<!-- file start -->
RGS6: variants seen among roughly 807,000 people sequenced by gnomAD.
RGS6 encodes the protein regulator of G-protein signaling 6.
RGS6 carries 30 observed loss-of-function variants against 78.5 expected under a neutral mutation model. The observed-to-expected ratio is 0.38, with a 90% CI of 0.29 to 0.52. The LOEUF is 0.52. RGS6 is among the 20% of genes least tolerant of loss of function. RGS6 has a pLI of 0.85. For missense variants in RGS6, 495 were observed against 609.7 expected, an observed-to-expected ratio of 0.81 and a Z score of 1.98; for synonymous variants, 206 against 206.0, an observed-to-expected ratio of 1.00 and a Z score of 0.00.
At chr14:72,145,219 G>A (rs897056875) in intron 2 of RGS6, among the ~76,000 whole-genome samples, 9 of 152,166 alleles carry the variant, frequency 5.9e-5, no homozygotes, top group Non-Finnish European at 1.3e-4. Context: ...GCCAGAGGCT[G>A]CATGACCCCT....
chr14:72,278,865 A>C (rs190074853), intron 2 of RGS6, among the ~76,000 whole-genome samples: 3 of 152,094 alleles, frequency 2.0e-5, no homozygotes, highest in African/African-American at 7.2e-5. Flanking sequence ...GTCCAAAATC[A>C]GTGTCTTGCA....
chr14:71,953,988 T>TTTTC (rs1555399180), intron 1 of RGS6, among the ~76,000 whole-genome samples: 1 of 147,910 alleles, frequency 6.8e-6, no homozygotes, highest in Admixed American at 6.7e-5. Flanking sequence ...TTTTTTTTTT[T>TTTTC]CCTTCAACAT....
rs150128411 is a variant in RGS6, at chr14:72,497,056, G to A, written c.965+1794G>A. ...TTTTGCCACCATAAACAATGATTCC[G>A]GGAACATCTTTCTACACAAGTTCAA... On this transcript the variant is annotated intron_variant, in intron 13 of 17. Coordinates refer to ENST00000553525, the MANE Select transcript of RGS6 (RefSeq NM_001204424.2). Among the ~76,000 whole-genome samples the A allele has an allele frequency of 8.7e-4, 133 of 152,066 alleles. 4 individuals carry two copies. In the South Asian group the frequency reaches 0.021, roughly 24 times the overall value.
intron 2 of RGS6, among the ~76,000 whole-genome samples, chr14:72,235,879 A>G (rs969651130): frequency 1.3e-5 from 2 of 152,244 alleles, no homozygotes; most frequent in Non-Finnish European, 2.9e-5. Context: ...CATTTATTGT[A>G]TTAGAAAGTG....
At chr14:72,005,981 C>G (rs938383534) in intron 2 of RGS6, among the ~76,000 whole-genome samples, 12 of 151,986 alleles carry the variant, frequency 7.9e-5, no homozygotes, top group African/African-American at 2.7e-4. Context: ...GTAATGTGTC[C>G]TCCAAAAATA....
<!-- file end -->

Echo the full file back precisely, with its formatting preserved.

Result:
RGS6: variants seen among roughly 807,000 people sequenced by gnomAD.
RGS6 encodes the protein regulator of G-protein signaling 6.
RGS6 carries 30 observed loss-of-function variants against 78.5 expected under a neutral mutation model. The observed-to-expected ratio is 0.38, with a 90% CI of 0.29 to 0.52. The LOEUF is 0.52. RGS6 is among the 20% of genes least tolerant of loss of function. RGS6 has a pLI of 0.85. For missense variants in RGS6, 495 were observed against 609.7 expected, an observed-to-expected ratio of 0.81 and a Z score of 1.98; for synonymous variants, 206 against 206.0, an observed-to-expected ratio of 1.00 and a Z score of 0.00.
At chr14:72,145,219 G>A (rs897056875) in intron 2 of RGS6, among the ~76,000 whole-genome samples, 9 of 152,166 alleles carry the variant, frequency 5.9e-5, no homozygotes, top group Non-Finnish European at 1.3e-4. Context: ...GCCAGAGGCT[G>A]CATGACCCCT....
chr14:72,278,865 A>C (rs190074853), intron 2 of RGS6, among the ~76,000 whole-genome samples: 3 of 152,094 alleles, frequency 2.0e-5, no homozygotes, highest in African/African-American at 7.2e-5. Flanking sequence ...GTCCAAAATC[A>C]GTGTCTTGCA....
chr14:71,953,988 T>TTTTC (rs1555399180), intron 1 of RGS6, among the ~76,000 whole-genome samples: 1 of 147,910 alleles, frequency 6.8e-6, no homozygotes, highest in Admixed American at 6.7e-5. Flanking sequence ...TTTTTTTTTT[T>TTTTC]CCTTCAACAT....
rs150128411 is a variant in RGS6, at chr14:72,497,056, G to A, written c.965+1794G>A. ...TTTTGCCACCATAAACAATGATTCC[G>A]GGAACATCTTTCTACACAAGTTCAA... On this transcript the variant is annotated intron_variant, in intron 13 of 17. Coordinates refer to ENST00000553525, the MANE Select transcript of RGS6 (RefSeq NM_001204424.2). Among the ~76,000 whole-genome samples the A allele has an allele frequency of 8.7e-4, 133 of 152,066 alleles. 4 individuals carry two copies. In the South Asian group the frequency reaches 0.021, roughly 24 times the overall value.
intron 2 of RGS6, among the ~76,000 whole-genome samples, chr14:72,235,879 A>G (rs969651130): frequency 1.3e-5 from 2 of 152,244 alleles, no homozygotes; most frequent in Non-Finnish European, 2.9e-5. Context: ...CATTTATTGT[A>G]TTAGAAAGTG....
At chr14:72,005,981 C>G (rs938383534) in intron 2 of RGS6, among the ~76,000 whole-genome samples, 12 of 151,986 alleles carry the variant, frequency 7.9e-5, no homozygotes, top group African/African-American at 2.7e-4. Context: ...GTAATGTGTC[C>G]TCCAAAAATA....